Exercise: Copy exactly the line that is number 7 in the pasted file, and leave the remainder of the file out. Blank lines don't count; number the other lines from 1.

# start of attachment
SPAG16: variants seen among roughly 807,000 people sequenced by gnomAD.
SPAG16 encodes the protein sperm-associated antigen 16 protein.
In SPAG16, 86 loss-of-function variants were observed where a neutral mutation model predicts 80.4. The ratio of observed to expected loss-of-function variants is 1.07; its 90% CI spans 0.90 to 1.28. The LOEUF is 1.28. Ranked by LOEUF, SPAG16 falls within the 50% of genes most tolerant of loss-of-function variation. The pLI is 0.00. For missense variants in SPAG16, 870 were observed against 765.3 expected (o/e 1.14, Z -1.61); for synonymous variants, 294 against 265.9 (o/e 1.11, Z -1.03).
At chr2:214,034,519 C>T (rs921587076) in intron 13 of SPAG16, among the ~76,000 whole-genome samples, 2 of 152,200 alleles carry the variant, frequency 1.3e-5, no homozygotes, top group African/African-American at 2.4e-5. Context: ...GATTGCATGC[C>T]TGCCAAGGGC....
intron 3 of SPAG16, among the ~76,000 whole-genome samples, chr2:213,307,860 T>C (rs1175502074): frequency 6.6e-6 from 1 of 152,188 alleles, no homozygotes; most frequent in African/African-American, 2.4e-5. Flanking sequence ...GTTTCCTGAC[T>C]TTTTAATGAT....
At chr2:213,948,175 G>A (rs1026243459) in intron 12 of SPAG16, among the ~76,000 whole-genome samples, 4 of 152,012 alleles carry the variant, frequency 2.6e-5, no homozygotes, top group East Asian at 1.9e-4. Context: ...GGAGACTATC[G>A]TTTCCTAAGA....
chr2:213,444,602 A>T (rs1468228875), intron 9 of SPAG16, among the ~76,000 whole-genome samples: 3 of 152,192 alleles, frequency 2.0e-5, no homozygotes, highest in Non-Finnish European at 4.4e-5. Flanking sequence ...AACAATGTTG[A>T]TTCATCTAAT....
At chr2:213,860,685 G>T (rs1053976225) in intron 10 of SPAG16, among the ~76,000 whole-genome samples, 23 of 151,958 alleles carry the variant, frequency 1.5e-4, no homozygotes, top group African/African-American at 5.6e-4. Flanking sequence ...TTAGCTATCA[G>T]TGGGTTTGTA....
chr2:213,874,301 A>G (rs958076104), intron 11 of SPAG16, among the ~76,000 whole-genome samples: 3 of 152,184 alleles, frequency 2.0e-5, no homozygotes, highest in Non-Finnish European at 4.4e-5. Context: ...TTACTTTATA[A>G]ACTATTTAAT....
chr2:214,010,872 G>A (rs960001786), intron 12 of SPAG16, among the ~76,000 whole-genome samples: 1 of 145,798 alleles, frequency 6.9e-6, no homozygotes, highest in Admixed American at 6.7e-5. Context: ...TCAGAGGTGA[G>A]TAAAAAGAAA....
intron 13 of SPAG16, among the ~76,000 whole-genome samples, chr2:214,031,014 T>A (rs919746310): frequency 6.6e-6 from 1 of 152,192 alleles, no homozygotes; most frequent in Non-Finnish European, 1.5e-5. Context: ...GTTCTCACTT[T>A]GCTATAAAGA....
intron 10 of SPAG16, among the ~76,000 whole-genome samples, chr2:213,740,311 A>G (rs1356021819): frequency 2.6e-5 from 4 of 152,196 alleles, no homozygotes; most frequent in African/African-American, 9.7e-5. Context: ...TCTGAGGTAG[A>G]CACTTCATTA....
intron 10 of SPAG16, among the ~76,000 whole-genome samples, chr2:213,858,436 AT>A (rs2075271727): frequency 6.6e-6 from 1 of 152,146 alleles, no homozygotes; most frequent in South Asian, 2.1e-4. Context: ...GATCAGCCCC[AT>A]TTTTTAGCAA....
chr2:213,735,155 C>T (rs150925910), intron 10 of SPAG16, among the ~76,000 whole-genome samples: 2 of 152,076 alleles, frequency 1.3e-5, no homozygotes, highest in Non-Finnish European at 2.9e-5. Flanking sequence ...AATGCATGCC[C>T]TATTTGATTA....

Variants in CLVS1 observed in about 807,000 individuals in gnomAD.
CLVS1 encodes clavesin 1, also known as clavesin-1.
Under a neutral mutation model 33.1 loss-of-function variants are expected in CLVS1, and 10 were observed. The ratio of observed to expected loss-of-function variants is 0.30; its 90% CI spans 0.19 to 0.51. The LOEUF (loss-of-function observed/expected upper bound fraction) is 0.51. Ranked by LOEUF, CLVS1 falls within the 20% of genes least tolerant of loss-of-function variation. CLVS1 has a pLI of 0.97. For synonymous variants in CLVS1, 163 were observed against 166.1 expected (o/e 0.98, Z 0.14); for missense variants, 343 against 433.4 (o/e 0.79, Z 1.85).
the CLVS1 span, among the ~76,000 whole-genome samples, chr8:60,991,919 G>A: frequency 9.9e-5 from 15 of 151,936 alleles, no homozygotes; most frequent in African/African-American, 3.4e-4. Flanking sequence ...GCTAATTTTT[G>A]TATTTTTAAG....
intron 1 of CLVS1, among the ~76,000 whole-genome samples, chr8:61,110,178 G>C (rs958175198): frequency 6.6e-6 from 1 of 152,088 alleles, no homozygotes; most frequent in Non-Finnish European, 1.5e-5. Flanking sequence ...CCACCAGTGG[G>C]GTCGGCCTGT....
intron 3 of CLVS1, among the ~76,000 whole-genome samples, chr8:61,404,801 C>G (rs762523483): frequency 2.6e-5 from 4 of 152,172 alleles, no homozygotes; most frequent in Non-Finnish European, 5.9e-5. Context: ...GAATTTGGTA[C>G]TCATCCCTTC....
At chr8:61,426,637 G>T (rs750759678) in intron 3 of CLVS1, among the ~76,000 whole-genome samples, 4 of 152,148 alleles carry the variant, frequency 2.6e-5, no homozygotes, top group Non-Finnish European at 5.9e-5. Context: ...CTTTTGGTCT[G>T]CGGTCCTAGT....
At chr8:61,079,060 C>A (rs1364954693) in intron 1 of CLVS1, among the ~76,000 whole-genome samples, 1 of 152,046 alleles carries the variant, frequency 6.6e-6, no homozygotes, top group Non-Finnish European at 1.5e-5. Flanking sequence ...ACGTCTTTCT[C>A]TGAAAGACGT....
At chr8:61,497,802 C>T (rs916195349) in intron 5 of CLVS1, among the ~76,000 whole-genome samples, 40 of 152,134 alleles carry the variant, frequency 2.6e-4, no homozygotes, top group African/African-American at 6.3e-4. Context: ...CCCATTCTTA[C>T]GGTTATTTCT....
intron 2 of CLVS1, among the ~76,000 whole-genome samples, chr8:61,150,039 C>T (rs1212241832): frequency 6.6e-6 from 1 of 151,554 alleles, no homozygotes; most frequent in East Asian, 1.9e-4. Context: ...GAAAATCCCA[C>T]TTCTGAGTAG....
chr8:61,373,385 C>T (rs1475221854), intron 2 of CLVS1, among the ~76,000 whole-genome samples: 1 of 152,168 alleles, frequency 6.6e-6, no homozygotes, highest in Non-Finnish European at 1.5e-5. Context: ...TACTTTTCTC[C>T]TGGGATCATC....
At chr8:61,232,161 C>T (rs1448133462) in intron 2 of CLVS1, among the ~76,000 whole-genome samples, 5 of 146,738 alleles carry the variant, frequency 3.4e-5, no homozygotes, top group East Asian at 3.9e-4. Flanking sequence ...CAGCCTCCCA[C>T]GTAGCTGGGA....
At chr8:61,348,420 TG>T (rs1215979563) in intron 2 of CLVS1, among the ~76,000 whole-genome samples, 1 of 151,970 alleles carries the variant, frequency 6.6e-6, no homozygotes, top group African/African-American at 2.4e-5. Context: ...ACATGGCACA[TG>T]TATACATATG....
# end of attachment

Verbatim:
chr2:213,444,602 A>T (rs1468228875), intron 9 of SPAG16, among the ~76,000 whole-genome samples: 3 of 152,192 alleles, frequency 2.0e-5, no homozygotes, highest in Non-Finnish European at 4.4e-5. Flanking sequence ...AACAATGTTG[A>T]TTCATCTAAT....